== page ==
Clap Your Hands Say Yeah
Some Loud Thunder
(Clap Your Hands Say Yeah)
As much fun as this bands name is to ridicule, the People's Poet award really needs to be handed to the Little Band that Could and Said Yeah - conquering the universe and being perhaps the only actually independent record anyone listened to last year. Their follow up shows the band squeezing some juice out of their skeletal early Talking Heads reduction to come up with something rather refreshing. Each song here moves through like a mass, each having a distinct idea fleshed out and stretched out to fit the time bracket. The title track that leads this is a bittersweet motormouth voice crack wonder that brings to mind the tender side of Television. "Emily Jean Stock" creates a fog of acoustic guitars where red-needle drums, psyche guitar blasts and the vocals all take turns poking out like nervous birds. "Mama, Won't You keep Those Castles In the Air and Burning" is like the a sleeping pill version on the previous.
What this really reminds me of is Brian Eno's Another Green World and Taking Tiger Mountain. Both artists have a flair for pop structures twisted by their kind rebellion against the same structures. Some Loud Thunder is a sweet, lilting record that floats on the breeze like a fallen leaf, or that plastic bag in "American Beauty". See "Love Song No. 7" where drowsy harmonies are juggled by a lazy piano. "Satan Said Dance" is an odd man out as a dancefloor stomp, perhaps mocking the Williamsburg clich?© from which they emerged, and is frankly the weakest track on the record. They gain yardage back with the dreamy sea chantey "Upon the Encountering Crippled Elephant" and the oddly compelling "Goodbye to the Mother and the Cove" - a complex percussive low-key number that could give Sufjan and his Eagle Scout troop a run for their money.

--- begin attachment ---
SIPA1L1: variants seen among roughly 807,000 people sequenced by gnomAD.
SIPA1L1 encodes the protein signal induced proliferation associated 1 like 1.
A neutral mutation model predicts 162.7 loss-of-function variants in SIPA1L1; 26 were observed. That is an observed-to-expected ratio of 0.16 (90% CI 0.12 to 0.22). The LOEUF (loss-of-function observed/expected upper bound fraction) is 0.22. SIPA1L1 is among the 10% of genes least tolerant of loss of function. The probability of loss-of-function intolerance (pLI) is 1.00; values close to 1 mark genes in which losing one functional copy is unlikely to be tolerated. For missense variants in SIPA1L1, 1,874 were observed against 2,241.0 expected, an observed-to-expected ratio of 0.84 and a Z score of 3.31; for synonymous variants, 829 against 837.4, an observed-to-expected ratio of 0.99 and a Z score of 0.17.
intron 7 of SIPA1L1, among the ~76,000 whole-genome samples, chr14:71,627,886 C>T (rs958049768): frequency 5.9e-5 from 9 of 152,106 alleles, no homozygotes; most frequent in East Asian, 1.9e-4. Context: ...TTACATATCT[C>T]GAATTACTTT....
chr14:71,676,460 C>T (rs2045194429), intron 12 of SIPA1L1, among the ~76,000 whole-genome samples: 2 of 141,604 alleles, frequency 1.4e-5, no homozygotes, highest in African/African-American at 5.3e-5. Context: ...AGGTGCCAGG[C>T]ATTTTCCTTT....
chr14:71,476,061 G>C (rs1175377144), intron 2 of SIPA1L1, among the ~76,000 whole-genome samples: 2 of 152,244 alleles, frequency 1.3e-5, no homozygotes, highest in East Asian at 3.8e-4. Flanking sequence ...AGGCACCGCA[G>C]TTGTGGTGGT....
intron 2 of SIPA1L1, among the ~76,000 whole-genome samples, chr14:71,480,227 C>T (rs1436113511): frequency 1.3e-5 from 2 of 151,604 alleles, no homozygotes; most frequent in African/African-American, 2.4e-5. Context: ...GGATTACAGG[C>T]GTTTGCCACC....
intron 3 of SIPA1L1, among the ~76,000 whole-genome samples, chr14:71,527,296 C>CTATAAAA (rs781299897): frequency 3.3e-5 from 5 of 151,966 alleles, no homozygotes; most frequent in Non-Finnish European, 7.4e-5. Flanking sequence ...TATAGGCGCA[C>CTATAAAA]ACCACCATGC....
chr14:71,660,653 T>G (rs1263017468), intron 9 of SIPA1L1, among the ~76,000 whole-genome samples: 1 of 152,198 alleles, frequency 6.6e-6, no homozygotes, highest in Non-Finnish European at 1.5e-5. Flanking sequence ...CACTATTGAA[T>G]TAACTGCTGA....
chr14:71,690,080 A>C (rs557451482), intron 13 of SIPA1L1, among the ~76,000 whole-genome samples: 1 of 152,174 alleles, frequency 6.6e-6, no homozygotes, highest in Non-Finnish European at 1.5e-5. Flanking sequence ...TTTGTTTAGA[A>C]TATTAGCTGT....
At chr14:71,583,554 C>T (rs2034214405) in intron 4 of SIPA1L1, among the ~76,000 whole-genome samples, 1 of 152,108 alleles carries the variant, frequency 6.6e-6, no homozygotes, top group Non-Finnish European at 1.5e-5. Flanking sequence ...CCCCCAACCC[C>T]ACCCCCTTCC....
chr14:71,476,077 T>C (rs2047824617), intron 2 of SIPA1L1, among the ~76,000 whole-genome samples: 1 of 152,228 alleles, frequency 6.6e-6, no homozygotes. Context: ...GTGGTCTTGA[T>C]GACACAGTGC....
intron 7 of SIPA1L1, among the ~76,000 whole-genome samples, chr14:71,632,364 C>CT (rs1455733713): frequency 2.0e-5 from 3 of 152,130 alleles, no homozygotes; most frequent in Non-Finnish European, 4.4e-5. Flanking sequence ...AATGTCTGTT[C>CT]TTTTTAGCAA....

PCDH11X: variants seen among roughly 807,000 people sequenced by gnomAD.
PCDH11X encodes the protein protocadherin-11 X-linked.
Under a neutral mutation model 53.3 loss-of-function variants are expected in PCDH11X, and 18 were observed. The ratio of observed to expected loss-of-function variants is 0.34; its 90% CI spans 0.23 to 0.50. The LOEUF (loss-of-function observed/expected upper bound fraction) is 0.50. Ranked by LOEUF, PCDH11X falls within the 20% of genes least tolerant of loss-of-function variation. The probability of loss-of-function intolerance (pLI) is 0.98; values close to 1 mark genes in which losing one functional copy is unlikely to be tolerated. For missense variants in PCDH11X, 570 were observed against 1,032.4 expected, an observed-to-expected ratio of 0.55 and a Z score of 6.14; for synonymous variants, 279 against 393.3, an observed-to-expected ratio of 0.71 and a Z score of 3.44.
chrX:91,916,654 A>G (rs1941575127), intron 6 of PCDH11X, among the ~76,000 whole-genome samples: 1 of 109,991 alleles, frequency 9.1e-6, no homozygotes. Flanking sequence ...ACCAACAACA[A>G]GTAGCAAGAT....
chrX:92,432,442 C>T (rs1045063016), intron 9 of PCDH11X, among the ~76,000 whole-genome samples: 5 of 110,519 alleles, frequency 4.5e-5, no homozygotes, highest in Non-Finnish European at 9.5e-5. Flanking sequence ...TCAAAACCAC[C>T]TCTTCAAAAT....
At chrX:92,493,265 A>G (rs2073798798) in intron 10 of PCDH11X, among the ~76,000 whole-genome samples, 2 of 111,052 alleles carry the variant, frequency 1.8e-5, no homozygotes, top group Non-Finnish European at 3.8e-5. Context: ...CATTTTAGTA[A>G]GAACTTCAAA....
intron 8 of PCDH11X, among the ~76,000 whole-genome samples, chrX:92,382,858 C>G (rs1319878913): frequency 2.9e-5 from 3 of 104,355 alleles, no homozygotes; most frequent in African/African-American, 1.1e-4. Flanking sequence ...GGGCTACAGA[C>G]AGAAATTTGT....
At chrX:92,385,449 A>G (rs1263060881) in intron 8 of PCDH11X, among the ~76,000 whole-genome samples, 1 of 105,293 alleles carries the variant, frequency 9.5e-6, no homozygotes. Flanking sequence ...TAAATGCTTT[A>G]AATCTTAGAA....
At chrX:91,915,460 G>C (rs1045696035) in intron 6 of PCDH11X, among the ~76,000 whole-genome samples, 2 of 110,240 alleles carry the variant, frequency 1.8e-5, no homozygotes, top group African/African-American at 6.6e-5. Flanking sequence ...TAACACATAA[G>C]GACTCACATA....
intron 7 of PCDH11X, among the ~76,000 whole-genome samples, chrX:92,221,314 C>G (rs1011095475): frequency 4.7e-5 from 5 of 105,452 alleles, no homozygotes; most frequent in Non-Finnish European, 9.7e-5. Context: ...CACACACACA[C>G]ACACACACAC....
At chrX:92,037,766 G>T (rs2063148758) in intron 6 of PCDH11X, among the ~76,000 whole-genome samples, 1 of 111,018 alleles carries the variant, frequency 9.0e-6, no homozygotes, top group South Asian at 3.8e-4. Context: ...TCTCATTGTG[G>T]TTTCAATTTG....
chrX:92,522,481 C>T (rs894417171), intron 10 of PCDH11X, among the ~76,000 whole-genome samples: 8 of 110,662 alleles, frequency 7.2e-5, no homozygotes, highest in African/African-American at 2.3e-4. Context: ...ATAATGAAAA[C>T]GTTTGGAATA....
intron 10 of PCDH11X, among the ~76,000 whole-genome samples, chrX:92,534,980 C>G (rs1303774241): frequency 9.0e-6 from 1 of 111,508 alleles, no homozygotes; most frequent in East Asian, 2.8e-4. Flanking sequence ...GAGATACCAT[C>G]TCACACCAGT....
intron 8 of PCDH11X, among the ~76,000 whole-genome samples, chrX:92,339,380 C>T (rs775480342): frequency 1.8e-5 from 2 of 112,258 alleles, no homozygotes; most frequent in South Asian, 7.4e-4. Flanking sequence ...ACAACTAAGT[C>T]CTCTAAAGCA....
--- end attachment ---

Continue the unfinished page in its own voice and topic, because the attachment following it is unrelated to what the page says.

All this slowly ascends to the final moment "Five Easy Pieces" where a harmonica and Lennon-esque acoustic shuffle bolster a deeply echoing voice darting out form the center of the song. It radiates like a dying star, like a bomb, with a number the guitars and synths and hand percussion all rising in accordance with it. This album has a lot of really interesting sonic pinnacles, but its zenith for me is when everything gets going and then this feedback howl come briefly across the shuffle, dragging the echoed chants back with it. This reminds me of Brian Eno too, but this time the elegant closing title track of Here Come the Warm Jets. Like it, "Five Easy Pieces" manages to take fractured rock and achieves that point George Clinton calls "where repetition becomes sacred," only to dissipate in the air like every triumph does.
(Alex V. Cook's book of rocknroll observations, 'Darkness, Racket and Twang' is available now from the SideCartel)